Andrew Mackay

Bin Laden: A Study in News Management

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It is inevitable that the capture and killing of the world’s most wanted terrorist should have developed into the news story of the century.

What is less obvious is that the killing and its immediate aftermath were minutely choreographed with public opinion and the media clearly driving the US agenda.

The Osama bin Laden story has everything: US special forces operating in the dead of night  in another country’s jurisdiction and, apparently without that country’s permission;  a ‘hidden’  village fortress that, according to Pakistani intelligence was raided in 2003 and then ‘fell off the radar’’;  the world’s no 1 terrorist living a more or less normal existence with his family just moments from Pakistani military academy; accusations and counter-accusations of how much the Pakistani authorities knew; and how bin Laden’s presence in a luxury villa just two hours’ drive from the country’s capital remained undetected for years.

Ignoring the obvious lapses in intelligence and alleged ‘leakiness’ of the ISI, Pakistan’s secret intelligence service, that resulted first in bin Laden’s escape from US special forces in 2001, and secondly, had him holed up in a cave on the Afghanistan/Pakistan border when – if the recent news reports are accurate – he was, in fact, living in relative comfort and had been doing so since 2005/6, the bin Laden killing has been a study in news management excellence.

From the moment that President Obama alerted the world’s news media to an important announcement, and then kept them waiting for two hours before delivering it, it was clear that whatever the story, it was going to lead the world’s news for days.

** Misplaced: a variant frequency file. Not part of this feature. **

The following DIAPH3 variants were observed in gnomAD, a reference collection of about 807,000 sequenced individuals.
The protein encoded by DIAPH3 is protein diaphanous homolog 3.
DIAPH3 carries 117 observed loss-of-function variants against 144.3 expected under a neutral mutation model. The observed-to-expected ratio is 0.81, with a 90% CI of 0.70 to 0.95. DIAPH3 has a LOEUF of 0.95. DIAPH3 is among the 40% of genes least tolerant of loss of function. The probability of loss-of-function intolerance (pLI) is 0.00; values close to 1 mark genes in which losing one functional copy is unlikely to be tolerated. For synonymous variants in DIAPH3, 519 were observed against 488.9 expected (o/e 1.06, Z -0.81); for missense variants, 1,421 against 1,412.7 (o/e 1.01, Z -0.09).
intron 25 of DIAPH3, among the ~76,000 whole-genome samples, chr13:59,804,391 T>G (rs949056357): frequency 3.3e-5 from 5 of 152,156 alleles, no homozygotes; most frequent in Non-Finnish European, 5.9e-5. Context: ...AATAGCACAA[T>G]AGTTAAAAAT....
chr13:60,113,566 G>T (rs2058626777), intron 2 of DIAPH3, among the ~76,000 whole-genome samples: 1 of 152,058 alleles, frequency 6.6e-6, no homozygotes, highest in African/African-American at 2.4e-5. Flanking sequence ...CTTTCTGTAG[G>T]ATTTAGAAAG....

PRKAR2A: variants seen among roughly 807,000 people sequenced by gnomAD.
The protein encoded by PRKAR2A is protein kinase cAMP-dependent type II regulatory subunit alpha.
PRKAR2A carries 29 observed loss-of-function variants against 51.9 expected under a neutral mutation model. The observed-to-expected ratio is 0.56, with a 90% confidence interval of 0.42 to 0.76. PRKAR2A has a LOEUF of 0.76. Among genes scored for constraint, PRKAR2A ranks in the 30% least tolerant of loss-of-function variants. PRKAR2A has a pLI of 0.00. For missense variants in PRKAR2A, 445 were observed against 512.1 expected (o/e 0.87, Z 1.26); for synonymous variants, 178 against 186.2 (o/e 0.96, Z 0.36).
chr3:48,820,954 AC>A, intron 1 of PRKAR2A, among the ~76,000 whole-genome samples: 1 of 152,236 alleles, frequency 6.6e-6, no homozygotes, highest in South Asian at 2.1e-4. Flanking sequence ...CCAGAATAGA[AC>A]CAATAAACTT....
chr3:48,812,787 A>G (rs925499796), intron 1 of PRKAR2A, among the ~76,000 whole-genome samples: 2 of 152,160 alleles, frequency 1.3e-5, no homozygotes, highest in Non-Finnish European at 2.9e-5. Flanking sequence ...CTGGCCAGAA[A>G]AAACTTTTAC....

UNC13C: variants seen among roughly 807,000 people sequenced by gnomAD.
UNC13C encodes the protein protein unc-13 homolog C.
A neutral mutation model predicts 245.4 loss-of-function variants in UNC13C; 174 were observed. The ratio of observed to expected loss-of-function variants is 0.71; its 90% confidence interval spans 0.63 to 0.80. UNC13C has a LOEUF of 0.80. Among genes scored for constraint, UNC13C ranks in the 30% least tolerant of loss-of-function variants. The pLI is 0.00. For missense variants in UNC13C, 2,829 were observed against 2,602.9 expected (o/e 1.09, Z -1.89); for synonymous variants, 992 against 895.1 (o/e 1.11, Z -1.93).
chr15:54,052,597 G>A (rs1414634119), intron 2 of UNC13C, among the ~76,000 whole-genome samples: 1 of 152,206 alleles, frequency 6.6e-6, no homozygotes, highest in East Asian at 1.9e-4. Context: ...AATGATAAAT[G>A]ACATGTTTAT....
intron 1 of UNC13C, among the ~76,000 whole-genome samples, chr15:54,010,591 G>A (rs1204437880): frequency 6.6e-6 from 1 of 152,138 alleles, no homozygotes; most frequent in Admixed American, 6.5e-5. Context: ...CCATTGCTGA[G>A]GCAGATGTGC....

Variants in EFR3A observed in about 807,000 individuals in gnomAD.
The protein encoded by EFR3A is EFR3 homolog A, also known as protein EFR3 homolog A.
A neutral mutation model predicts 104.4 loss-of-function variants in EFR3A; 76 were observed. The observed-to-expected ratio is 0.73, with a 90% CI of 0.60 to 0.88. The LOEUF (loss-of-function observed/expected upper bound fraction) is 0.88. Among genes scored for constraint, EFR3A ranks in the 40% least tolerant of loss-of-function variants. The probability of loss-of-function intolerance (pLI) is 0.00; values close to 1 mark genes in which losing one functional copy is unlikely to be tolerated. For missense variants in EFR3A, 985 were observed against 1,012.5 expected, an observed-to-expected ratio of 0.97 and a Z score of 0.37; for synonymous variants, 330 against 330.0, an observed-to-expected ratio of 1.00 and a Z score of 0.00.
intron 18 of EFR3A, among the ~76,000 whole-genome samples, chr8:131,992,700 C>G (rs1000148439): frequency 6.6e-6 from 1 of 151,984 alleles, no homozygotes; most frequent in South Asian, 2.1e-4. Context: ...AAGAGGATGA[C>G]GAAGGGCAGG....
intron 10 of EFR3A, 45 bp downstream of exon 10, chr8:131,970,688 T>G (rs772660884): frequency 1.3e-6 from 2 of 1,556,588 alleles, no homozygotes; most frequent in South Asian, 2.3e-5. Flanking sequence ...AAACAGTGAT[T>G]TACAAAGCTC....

Bin Laden’s immediate burial at sea was a masterstroke. It removed at once the oxygen of publicity a funeral or burial would have provided, still less deprived his followers of a shrine or rallying point for protests and from which to announce reprisals. No martyr’s shrine, no photos, no TV footage glorifying his memory for eternity on the Internet to radicalise the next generation of Islamic fundamentalists.

This provided the cue for the world’s conspiracy theorists to imply a CIA plot designed to bolster flagging domestic ratings for President Obama. No body, therefore no dead bin Laden. Instead, it was left to a small caucus of advisers – and Obama himself in an interview with CNN  – to control this most sensitive of issues: to ratify that they had seen images of the body and to confirm it was bin Laden.

The reported became reporters of one of the world’s most dramatic news stories – and who was going to doubt the word of the President of the United States of America on such an issue and then voice it publicly?

The President’s media advisors also clearly recognized the outpourings of grief and promises of retaliation that would follow publication of photos of bin Laden’s corpse. The decision not to publish must have been taken at the planning stages. However, the ‘will they, won’t they publish’ debate was allowed to run and dominated the news, within the news, for a full two days before the decision was taken not to publish the ‘gruesome’ image.

This neatly holed the conspiracy theorists’ case: acknowledge at the very highest political level that photos exist to prove bin Laden’s identity and death, then trump it with the argument for non-publication on the grounds of public decency and taste.

Even the BBC’s Washington correspondent, Mark Mardell, was moved to note in one of his reports how adroitly the US administration had trod the line between triumphalism and glee at bin Laden’s death and the need for sensitivity in case of inflaming Muslim opinion.

Today, nearly five days after the killing of bin Laden, President Obama’s administration is basking in the plaudits. Public opinion is with them and a US feel  good factor at the clinical decisiveness of the Abbottabad operation and the diplomatic handling of its aftermath is there for all to see.

One wonders if the air-punching, gung-ho approach of previous US administrations would have prompted considerably more anti-US rhetoric and demonstrations than the isolated incidents of flag-burning to date.

Only time can tell whether bin Laden’s death – coming just shy of the symbolic 10th anniversary of 9/11 and the potential for further gloating by Al Qaeda –  will prove to be President Obama’s ‘Falklands Factor’ that ensured a second term for Margaret Thatcher as UK Prime Minister on a wave of patriotic goodwill 30 years ago.

But there can be no doubt that, in the space of a week, a US President frequently accused of weakness and indecision has, in the eyes of the watching world, been transformed into the man of the moment.

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